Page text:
In the wake of international commitments to a greener future at COP21, debates are raging across the globe over what environmentalism is worth to a population. Accurate economic quantifications are crucial to informed decisions, and researchers are responding to the call for a new methodology of valuing natural assets.
Are we living in a sixth mass extinction? Maybe not. But we might be able to define modern ecological crises by looking at fossil records and how rare species are today, according to researchers at Yale, Vanderbilt, and the Smithsonian Institution.
If you are celebrating the warmer temperatures and uncharacteristic winters, thank El Niño. If you’re complaining about the cancellation of your skiing and snow tubing trips, blame El Niño. The force behind the odd weather, El Niño is an aberration
Despite their rarity, giant icebergs in the Southern Ocean significantly contribute to the reduction of atmospheric carbon by stimulating phytoplankton blooms.
Though we have always known that plants are vital to maintaining good health and preventing diseases, only recently have scientists begun to uncover the mystery and promise lying within their leafy tendrils. Yale professor Nicole Clay and her team of
Racing Extinction illuminates the majesty and beauty of nature, and exposes the detrimental effect that humans are having on this beauty. The film inspires viewers into action and sets a hopeful tone for the future of the planet.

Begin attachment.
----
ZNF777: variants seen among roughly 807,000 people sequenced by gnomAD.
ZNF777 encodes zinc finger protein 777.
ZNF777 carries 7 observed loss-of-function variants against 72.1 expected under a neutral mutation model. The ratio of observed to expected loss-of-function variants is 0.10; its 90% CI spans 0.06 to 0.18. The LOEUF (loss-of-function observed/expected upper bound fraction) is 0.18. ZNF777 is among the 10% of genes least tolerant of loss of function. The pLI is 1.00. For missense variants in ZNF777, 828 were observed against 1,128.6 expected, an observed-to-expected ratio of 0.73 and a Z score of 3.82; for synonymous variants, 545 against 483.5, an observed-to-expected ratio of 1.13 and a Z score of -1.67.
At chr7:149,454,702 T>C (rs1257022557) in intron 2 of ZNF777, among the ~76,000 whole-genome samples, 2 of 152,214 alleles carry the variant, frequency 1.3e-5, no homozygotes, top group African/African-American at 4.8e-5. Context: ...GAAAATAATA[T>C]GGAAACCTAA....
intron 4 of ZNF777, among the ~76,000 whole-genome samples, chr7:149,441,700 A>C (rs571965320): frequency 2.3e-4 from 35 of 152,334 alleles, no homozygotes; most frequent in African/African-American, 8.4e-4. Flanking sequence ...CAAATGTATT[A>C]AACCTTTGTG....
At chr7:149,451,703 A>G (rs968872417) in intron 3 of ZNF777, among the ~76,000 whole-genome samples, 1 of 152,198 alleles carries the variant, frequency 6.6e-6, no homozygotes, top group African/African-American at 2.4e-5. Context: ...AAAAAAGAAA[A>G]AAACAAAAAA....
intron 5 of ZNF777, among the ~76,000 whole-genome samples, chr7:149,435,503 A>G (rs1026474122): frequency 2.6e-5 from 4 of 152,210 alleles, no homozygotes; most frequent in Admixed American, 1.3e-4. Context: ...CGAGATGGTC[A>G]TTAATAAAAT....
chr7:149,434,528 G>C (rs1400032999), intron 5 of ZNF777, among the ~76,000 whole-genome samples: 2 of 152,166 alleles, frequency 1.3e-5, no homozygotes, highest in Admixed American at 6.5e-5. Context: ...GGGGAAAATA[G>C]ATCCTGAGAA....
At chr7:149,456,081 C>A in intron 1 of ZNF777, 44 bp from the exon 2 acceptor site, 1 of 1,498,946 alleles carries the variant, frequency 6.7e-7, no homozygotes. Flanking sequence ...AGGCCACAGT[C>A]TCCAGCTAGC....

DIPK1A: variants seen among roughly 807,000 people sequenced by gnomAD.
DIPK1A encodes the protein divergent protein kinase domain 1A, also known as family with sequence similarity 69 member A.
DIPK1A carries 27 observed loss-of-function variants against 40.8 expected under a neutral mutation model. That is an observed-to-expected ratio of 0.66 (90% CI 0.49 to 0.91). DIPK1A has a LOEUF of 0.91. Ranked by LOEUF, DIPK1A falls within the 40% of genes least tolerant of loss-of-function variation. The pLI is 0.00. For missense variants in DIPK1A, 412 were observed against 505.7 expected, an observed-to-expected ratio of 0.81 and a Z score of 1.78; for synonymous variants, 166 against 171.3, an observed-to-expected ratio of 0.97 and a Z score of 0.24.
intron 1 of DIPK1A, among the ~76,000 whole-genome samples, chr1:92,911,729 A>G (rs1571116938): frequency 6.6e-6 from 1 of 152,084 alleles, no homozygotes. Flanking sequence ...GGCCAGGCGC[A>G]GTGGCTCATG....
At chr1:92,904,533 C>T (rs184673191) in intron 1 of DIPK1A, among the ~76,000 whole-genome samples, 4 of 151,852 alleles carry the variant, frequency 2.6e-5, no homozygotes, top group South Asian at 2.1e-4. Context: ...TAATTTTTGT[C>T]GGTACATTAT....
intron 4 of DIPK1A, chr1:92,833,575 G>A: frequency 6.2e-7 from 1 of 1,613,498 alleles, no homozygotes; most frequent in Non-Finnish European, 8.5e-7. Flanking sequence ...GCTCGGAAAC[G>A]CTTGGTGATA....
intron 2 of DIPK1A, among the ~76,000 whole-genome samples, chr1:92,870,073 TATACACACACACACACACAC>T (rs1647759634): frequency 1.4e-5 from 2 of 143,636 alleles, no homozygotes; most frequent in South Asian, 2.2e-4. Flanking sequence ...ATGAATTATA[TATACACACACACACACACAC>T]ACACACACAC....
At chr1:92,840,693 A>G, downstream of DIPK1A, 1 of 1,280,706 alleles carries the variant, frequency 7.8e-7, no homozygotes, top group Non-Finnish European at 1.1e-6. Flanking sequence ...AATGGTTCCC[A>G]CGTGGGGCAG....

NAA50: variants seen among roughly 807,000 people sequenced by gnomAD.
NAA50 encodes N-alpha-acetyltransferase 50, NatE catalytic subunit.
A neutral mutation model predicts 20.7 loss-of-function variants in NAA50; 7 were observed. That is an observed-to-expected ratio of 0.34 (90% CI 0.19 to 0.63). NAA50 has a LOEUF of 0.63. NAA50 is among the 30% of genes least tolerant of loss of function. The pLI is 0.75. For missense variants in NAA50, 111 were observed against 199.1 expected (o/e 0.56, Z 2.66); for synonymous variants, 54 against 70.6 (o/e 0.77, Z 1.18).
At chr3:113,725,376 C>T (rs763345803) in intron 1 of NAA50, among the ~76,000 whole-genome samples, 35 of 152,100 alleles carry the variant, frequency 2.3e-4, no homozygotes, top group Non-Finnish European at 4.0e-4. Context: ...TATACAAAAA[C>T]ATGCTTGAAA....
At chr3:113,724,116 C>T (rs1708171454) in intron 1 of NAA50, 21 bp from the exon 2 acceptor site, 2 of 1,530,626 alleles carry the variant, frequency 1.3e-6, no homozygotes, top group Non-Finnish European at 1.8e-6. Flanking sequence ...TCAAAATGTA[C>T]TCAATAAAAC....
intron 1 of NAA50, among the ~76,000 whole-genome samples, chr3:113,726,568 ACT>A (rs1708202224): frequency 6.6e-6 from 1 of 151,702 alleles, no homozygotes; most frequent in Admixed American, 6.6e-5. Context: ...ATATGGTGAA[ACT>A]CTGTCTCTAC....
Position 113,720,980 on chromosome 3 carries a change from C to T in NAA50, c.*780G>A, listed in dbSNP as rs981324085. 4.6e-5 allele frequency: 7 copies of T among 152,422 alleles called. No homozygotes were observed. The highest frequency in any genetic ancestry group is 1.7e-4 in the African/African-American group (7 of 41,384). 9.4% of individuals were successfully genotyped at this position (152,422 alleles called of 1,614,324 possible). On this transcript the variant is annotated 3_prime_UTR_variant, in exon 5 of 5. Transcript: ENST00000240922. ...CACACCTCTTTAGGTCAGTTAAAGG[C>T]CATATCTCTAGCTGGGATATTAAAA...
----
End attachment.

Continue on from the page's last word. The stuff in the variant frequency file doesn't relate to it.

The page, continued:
New fossil evidence of ancient angiosperms explains how tiny embryos facilitated seed dormancy, allowing these plants to survive in harsh climates.
What eats leaves, transforms into a butterfly, and contains wasp genes in its genome? Discover exactly how the caterpillar became a natural GMO and why modern technology is changing the face of evolutionary research.
In 2006, the United Nations Environment Program (UNEP) started the billion trees campaign with the goal of planting — you guessed it — one billion trees around the world. Plant for the Planet, which inherited the campaign, wanted to know
A team of Yale researchers has demonstrated how a seemingly random insect mating swarm responds to external stimulus through intelligent group fluctuations.